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carrots, trampolines, girls and boys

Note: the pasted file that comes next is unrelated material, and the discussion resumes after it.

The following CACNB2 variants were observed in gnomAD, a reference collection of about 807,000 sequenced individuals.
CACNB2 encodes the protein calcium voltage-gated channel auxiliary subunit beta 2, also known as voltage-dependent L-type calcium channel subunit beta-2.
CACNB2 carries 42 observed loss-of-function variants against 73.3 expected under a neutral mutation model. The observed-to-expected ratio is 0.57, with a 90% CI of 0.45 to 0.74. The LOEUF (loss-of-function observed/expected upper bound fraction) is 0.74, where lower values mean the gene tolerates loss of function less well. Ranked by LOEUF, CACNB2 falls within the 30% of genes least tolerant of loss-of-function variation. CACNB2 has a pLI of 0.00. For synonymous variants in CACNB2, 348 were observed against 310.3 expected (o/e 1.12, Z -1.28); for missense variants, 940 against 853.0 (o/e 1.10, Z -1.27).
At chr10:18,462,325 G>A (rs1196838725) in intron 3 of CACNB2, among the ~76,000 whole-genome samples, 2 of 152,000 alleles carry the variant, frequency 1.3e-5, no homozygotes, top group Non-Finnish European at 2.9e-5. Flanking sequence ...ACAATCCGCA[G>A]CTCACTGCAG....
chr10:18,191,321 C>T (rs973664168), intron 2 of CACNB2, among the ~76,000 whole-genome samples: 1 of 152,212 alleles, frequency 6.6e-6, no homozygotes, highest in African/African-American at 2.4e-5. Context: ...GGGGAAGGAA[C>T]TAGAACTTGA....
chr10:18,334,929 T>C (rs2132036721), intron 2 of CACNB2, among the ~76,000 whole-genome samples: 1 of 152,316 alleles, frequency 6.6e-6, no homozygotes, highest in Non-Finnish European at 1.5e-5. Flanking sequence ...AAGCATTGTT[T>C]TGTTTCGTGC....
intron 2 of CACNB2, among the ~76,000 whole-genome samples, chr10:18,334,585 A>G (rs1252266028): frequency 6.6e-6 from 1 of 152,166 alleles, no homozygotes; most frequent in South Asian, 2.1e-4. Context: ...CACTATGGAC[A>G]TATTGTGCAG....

And we're back. Sorry, small time away from blogging due to busy in-town week, late nights early mornings and (causal relationship) lack of sleep. (Don't worry about me being a martyr. This was work-related but fun too.) Meant to go to sleep early yesterday, but it was prom time and my two eldest had parties to be driven to. I'm still a bit groggy, but duty calls me to the keyboard. All right, I'm a martyr to my blog. More on boys and girls today. A few years ago I was serving dinner to a collection of teen friends of my kids, boys on one side of the table, girls on the other. Everyone has to eat their veggies at my place but no one likes the same ones, so we'd found a lowest common denominator: raw carrot sticks. (Pretty darn low. If veggies were numbers, carrot sticks would be a 2, I figure.) One of the boys began nibbling daintily on the end of his carrot, tapering it to a point. Before I was fully aware of his intent he had turned to the guy next to him and, with a savage cry, stabbed him in the chest. "Take that!" he cried, flourishing his carrot-blade around. Well, before you could say methahemaglobinemia (the word appears on the first page of my new book; it's going to skew the reading level to hell), the boys' side of the table was busy nibbling their carrots into swords, then reaching into the middle the table for more (stockpiling weapons! This is where it begins). A full- fledged fight ensued, thrusts and parries and cries of anguish. Across the table, the girls regarded the exuberant display with open-mouthed, wide-eyed incomprehension. Was this the stupidest thing they had ever seen? I think it was. I smiled with sympathy for both sides. I am enough of a grown-up to realize that the boys were behaving idiotically. But I am enough of a little boy to think: Yeah, sword-fight. I was reminded of this incident yesterday. On my way to the grocery store I stopped at a stop sign (what are you smiling at? I always stop at stop signs) by a house with a trampoline in the front yard, where a girl -- maybe 11 years old -- was bouncing sedately. When I drove back, the trampoline had been taken over by two younger wild-eyed boys, who were circling each other in giant leaps, swinging inflatable plastic hammers (the kind of thing I win at fun fairs when everyone has to win something), knocking each other down and bouncing back up again. I wondered if the girl was staring and shaking her head. This was, after all, dangerous and stupid behaviour. I laughed so hard I nearly ran the stop sign. Nearly.


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